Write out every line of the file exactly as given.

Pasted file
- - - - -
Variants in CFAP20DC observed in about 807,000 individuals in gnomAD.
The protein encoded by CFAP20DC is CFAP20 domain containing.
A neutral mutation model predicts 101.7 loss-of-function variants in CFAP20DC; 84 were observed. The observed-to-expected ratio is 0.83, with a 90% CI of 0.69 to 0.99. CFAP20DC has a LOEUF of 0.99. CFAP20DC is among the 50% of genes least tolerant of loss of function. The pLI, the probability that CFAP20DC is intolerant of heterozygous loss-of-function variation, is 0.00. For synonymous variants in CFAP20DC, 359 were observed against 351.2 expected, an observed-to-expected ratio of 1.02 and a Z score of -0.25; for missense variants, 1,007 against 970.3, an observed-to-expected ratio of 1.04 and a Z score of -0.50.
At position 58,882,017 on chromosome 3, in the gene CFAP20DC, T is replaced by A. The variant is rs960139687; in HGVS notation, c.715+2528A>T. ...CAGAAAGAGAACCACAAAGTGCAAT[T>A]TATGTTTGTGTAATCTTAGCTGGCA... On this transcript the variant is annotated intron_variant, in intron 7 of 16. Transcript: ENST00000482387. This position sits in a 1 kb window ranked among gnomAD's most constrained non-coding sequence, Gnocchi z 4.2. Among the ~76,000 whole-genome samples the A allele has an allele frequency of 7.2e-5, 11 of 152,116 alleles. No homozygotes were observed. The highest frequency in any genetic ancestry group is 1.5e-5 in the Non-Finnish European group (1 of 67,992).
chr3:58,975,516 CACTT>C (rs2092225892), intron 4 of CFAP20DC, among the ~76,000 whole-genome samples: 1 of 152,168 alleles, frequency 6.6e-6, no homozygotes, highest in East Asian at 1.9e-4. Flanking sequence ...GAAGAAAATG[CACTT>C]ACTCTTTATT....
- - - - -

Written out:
Variants in CFAP20DC observed in about 807,000 individuals in gnomAD.
The protein encoded by CFAP20DC is CFAP20 domain containing.
A neutral mutation model predicts 101.7 loss-of-function variants in CFAP20DC; 84 were observed. The observed-to-expected ratio is 0.83, with a 90% CI of 0.69 to 0.99. CFAP20DC has a LOEUF of 0.99. CFAP20DC is among the 50% of genes least tolerant of loss of function. The pLI, the probability that CFAP20DC is intolerant of heterozygous loss-of-function variation, is 0.00. For synonymous variants in CFAP20DC, 359 were observed against 351.2 expected, an observed-to-expected ratio of 1.02 and a Z score of -0.25; for missense variants, 1,007 against 970.3, an observed-to-expected ratio of 1.04 and a Z score of -0.50.
At position 58,882,017 on chromosome 3, in the gene CFAP20DC, T is replaced by A. The variant is rs960139687; in HGVS notation, c.715+2528A>T. ...CAGAAAGAGAACCACAAAGTGCAAT[T>A]TATGTTTGTGTAATCTTAGCTGGCA... On this transcript the variant is annotated intron_variant, in intron 7 of 16. Transcript: ENST00000482387. This position sits in a 1 kb window ranked among gnomAD's most constrained non-coding sequence, Gnocchi z 4.2. Among the ~76,000 whole-genome samples the A allele has an allele frequency of 7.2e-5, 11 of 152,116 alleles. No homozygotes were observed. The highest frequency in any genetic ancestry group is 1.5e-5 in the Non-Finnish European group (1 of 67,992).
chr3:58,975,516 CACTT>C (rs2092225892), intron 4 of CFAP20DC, among the ~76,000 whole-genome samples: 1 of 152,168 alleles, frequency 6.6e-6, no homozygotes, highest in East Asian at 1.9e-4. Flanking sequence ...GAAGAAAATG[CACTT>C]ACTCTTTATT....